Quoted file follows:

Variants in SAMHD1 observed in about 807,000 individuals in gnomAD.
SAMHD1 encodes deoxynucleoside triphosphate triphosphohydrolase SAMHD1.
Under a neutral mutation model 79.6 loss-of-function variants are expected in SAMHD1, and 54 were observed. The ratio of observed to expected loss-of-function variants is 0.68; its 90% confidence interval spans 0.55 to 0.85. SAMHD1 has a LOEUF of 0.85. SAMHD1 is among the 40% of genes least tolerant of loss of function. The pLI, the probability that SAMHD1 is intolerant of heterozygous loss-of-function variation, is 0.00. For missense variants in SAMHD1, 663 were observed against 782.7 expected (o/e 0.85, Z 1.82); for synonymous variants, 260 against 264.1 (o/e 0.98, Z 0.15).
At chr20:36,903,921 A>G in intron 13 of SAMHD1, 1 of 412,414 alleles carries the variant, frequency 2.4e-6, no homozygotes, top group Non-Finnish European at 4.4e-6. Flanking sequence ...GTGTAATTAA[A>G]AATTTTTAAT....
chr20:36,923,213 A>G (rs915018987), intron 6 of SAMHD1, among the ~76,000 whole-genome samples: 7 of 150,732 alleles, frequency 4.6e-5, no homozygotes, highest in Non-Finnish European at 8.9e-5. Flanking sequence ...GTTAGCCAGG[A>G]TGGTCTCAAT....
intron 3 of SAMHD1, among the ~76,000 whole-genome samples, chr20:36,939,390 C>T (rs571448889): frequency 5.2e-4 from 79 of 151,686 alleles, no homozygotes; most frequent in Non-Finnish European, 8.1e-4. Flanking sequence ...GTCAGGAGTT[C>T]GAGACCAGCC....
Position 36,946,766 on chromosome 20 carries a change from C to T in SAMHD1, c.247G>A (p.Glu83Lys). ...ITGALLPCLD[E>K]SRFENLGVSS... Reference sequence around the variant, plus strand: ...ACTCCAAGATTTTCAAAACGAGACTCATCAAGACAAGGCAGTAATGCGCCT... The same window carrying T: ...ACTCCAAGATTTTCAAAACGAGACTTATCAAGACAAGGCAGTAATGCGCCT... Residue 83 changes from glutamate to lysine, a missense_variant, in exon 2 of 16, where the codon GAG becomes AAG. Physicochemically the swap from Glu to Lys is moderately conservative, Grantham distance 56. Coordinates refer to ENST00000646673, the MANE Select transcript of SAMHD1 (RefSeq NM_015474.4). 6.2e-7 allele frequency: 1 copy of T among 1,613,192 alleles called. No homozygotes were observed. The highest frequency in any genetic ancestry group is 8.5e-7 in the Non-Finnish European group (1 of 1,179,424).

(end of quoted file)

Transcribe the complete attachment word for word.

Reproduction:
Variants in SAMHD1 observed in about 807,000 individuals in gnomAD.
SAMHD1 encodes deoxynucleoside triphosphate triphosphohydrolase SAMHD1.
Under a neutral mutation model 79.6 loss-of-function variants are expected in SAMHD1, and 54 were observed. The ratio of observed to expected loss-of-function variants is 0.68; its 90% confidence interval spans 0.55 to 0.85. SAMHD1 has a LOEUF of 0.85. SAMHD1 is among the 40% of genes least tolerant of loss of function. The pLI, the probability that SAMHD1 is intolerant of heterozygous loss-of-function variation, is 0.00. For missense variants in SAMHD1, 663 were observed against 782.7 expected (o/e 0.85, Z 1.82); for synonymous variants, 260 against 264.1 (o/e 0.98, Z 0.15).
At chr20:36,903,921 A>G in intron 13 of SAMHD1, 1 of 412,414 alleles carries the variant, frequency 2.4e-6, no homozygotes, top group Non-Finnish European at 4.4e-6. Flanking sequence ...GTGTAATTAA[A>G]AATTTTTAAT....
chr20:36,923,213 A>G (rs915018987), intron 6 of SAMHD1, among the ~76,000 whole-genome samples: 7 of 150,732 alleles, frequency 4.6e-5, no homozygotes, highest in Non-Finnish European at 8.9e-5. Flanking sequence ...GTTAGCCAGG[A>G]TGGTCTCAAT....
intron 3 of SAMHD1, among the ~76,000 whole-genome samples, chr20:36,939,390 C>T (rs571448889): frequency 5.2e-4 from 79 of 151,686 alleles, no homozygotes; most frequent in Non-Finnish European, 8.1e-4. Flanking sequence ...GTCAGGAGTT[C>T]GAGACCAGCC....
Position 36,946,766 on chromosome 20 carries a change from C to T in SAMHD1, c.247G>A (p.Glu83Lys). ...ITGALLPCLD[E>K]SRFENLGVSS... Reference sequence around the variant, plus strand: ...ACTCCAAGATTTTCAAAACGAGACTCATCAAGACAAGGCAGTAATGCGCCT... The same window carrying T: ...ACTCCAAGATTTTCAAAACGAGACTTATCAAGACAAGGCAGTAATGCGCCT... Residue 83 changes from glutamate to lysine, a missense_variant, in exon 2 of 16, where the codon GAG becomes AAG. Physicochemically the swap from Glu to Lys is moderately conservative, Grantham distance 56. Coordinates refer to ENST00000646673, the MANE Select transcript of SAMHD1 (RefSeq NM_015474.4). 6.2e-7 allele frequency: 1 copy of T among 1,613,192 alleles called. No homozygotes were observed. The highest frequency in any genetic ancestry group is 8.5e-7 in the Non-Finnish European group (1 of 1,179,424).